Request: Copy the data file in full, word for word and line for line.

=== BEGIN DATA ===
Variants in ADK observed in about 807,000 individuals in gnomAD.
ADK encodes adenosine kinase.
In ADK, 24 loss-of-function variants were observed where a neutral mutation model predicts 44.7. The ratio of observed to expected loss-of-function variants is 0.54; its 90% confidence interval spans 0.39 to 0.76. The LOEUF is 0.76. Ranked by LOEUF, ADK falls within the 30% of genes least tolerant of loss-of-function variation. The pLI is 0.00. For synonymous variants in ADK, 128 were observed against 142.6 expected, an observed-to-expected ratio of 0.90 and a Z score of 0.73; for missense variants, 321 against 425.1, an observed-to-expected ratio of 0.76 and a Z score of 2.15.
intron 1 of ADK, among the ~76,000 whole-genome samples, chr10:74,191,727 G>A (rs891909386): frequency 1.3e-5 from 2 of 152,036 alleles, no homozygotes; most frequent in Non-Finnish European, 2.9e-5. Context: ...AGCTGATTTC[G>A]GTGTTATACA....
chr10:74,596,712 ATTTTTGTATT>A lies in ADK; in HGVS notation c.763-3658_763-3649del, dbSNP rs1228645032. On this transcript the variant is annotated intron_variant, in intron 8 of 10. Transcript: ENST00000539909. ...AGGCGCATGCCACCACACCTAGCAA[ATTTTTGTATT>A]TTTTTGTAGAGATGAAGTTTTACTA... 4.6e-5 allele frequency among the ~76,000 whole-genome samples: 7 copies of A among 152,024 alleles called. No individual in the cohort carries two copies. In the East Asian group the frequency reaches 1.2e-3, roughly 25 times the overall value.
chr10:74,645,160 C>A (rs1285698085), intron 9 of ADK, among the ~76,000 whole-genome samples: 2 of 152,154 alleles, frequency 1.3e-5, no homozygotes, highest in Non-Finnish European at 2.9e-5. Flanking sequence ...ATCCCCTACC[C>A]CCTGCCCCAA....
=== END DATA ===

Variants in ADK observed in about 807,000 individuals in gnomAD.
ADK encodes adenosine kinase.
In ADK, 24 loss-of-function variants were observed where a neutral mutation model predicts 44.7. The ratio of observed to expected loss-of-function variants is 0.54; its 90% confidence interval spans 0.39 to 0.76. The LOEUF is 0.76. Ranked by LOEUF, ADK falls within the 30% of genes least tolerant of loss-of-function variation. The pLI is 0.00. For synonymous variants in ADK, 128 were observed against 142.6 expected, an observed-to-expected ratio of 0.90 and a Z score of 0.73; for missense variants, 321 against 425.1, an observed-to-expected ratio of 0.76 and a Z score of 2.15.
intron 1 of ADK, among the ~76,000 whole-genome samples, chr10:74,191,727 G>A (rs891909386): frequency 1.3e-5 from 2 of 152,036 alleles, no homozygotes; most frequent in Non-Finnish European, 2.9e-5. Context: ...AGCTGATTTC[G>A]GTGTTATACA....
chr10:74,596,712 ATTTTTGTATT>A lies in ADK; in HGVS notation c.763-3658_763-3649del, dbSNP rs1228645032. On this transcript the variant is annotated intron_variant, in intron 8 of 10. Transcript: ENST00000539909. ...AGGCGCATGCCACCACACCTAGCAA[ATTTTTGTATT>A]TTTTTGTAGAGATGAAGTTTTACTA... 4.6e-5 allele frequency among the ~76,000 whole-genome samples: 7 copies of A among 152,024 alleles called. No individual in the cohort carries two copies. In the East Asian group the frequency reaches 1.2e-3, roughly 25 times the overall value.
chr10:74,645,160 C>A (rs1285698085), intron 9 of ADK, among the ~76,000 whole-genome samples: 2 of 152,154 alleles, frequency 1.3e-5, no homozygotes, highest in Non-Finnish European at 2.9e-5. Flanking sequence ...ATCCCCTACC[C>A]CCTGCCCCAA....